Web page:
Meat & Livestock News

Revolutionary Automation in Meat Processing

TL;DR: Silver Fern Farms integrates LEAP, an advanced robotic system, enhancing meat cutting precision and safety at their Finegand plant, promising increased productivity and quality. This $10 million investment marks significant progress in meat processing automation, showcasing commitment to innovation and efficiency in the industry.

Silver Fern Farms’ Finegand plant has recently implemented a ground-breaking piece of technology known as LEAP. Officially termed the Primal, Middle, and Forequarter System, this innovation marks the latest development in robotic lamb cutting. Developed by Scott Automation, LEAP uses cutting-edge imaging to automate complex meat-cutting processes previously done by hand.

Technical Insights

Marthinus Hendriks, the regional project engineer for Silver Fern Farms in the South Island, explained that a DXA X-ray first examines carcasses. This step accurately gauges bone position and density, assisting robots in identifying optimal cut locations for the forequarter, middle, and hindquarter. Following this analysis, forequarters undergo further examination by 2- and 3-D cameras to plan subsequent cuts based on current market demands and production schedules.

As for the middle sections, similar imaging technology guides robots to execute precise cuts or remove specific flaps as required. These tailored pieces are then forwarded for packaging or further processing into high-value products.

Human Interaction

Despite these advancements, human expertise remains crucial for boning out hindquarters, a task that current technology cannot yet perform, specifically regarding the removal of the pelvic bone.

Goals and Benefits

Hendriks highlighted that the primary motivations for integrating this technology were to enhance safety, cutting precision, and meat yield, which collectively contribute to increased revenue.

Impact on Workforce

Bronwyn Cairns, the plant manager, noted that the robots have replaced seven positions within the facility. However, these individuals have been reassigned to other roles, ensuring no loss of employment. She emphasised the consistency and precision brought about by this technology, significantly boosting the plant’s capacity to produce high-quality, value-added products consistently.

“With this technology, we can deliver what we promise, every single time,” Cairns stated, reflecting on her four decades in the industry and expressing amazement at the precision of modern robotic systems.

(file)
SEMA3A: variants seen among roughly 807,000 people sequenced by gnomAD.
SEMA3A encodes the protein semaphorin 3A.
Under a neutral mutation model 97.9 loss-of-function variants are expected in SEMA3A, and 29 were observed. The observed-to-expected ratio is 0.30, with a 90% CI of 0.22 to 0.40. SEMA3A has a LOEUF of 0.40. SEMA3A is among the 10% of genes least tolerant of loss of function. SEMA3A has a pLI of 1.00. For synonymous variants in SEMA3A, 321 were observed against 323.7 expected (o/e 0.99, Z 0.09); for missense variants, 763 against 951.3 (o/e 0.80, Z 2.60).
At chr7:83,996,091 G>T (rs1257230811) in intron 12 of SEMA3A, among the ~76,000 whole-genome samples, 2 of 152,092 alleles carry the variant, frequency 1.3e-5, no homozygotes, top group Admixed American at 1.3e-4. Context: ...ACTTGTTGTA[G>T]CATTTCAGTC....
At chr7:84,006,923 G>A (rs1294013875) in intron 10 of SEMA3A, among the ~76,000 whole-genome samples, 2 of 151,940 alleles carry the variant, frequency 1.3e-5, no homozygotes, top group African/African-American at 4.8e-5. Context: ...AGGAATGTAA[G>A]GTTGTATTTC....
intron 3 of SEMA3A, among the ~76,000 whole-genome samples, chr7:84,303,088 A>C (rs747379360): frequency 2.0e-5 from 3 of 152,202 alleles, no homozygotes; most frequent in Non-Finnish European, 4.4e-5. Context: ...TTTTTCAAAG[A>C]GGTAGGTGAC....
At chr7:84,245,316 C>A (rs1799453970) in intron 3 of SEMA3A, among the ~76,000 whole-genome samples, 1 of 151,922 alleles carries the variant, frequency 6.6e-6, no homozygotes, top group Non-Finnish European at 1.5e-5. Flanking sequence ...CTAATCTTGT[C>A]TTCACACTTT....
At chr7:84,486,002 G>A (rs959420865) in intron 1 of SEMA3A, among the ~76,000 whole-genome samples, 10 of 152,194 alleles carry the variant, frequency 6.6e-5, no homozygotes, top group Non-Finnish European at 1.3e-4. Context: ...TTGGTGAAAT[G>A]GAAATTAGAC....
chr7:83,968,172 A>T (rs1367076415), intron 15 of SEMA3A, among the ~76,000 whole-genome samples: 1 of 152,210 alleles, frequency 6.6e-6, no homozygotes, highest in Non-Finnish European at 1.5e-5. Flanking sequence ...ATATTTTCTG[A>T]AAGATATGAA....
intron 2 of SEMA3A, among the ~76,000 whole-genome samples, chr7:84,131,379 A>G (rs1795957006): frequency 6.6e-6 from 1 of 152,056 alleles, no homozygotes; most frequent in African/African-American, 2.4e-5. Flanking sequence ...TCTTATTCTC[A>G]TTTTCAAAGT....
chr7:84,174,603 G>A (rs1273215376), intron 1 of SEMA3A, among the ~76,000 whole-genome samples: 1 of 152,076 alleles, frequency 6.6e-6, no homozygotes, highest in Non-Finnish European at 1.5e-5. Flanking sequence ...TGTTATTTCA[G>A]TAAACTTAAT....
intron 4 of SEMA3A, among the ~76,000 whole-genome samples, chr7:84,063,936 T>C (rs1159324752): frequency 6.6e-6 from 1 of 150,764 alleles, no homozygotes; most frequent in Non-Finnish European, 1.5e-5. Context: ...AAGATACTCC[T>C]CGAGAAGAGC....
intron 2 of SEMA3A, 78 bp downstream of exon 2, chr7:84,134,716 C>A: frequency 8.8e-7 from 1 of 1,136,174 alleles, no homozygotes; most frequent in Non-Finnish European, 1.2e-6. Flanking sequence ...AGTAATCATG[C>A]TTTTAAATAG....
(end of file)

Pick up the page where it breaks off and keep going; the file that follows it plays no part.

Financial Commitment and Confidence

The adoption of this technology, representing an investment exceeding $10 million, signals a strong vote of confidence in the staff, the local sheep meat industry, and the South Otago community. Scott Automation dedicated nearly a year to designing and integrating this system at the Finegand plant, achieving a seamless transition with minimal disruption.

Ongoing Developments and Future Prospects

Andrew Arnold, director of meat processing at Scott Automation, shared insights into the broader application of this technology. The Finegand system includes several enhancements that improve cutting accuracy and product quality, setting a new industry standard.

Scott Automation is not stopping here; it is actively developing modules for both lamb and beef processing. These modules will further automate tasks such as removing back straps and tenderloins or cleaning fat without water, enhancing efficiency and product quality.

Additionally, partnerships with industry leaders like JBS and the Australian Meat Processor Corporation are paving the way for advanced beef automation systems. These initiatives are structured to allow phased development and integration, mitigating risks associated with such sophisticated technological upgrades.

This leap in meat processing technology not only revolutionises how tasks are performed but also reinforces the industry’s commitment to innovation, safety, and quality, promising a future where technology and tradition blend seamlessly for optimal results.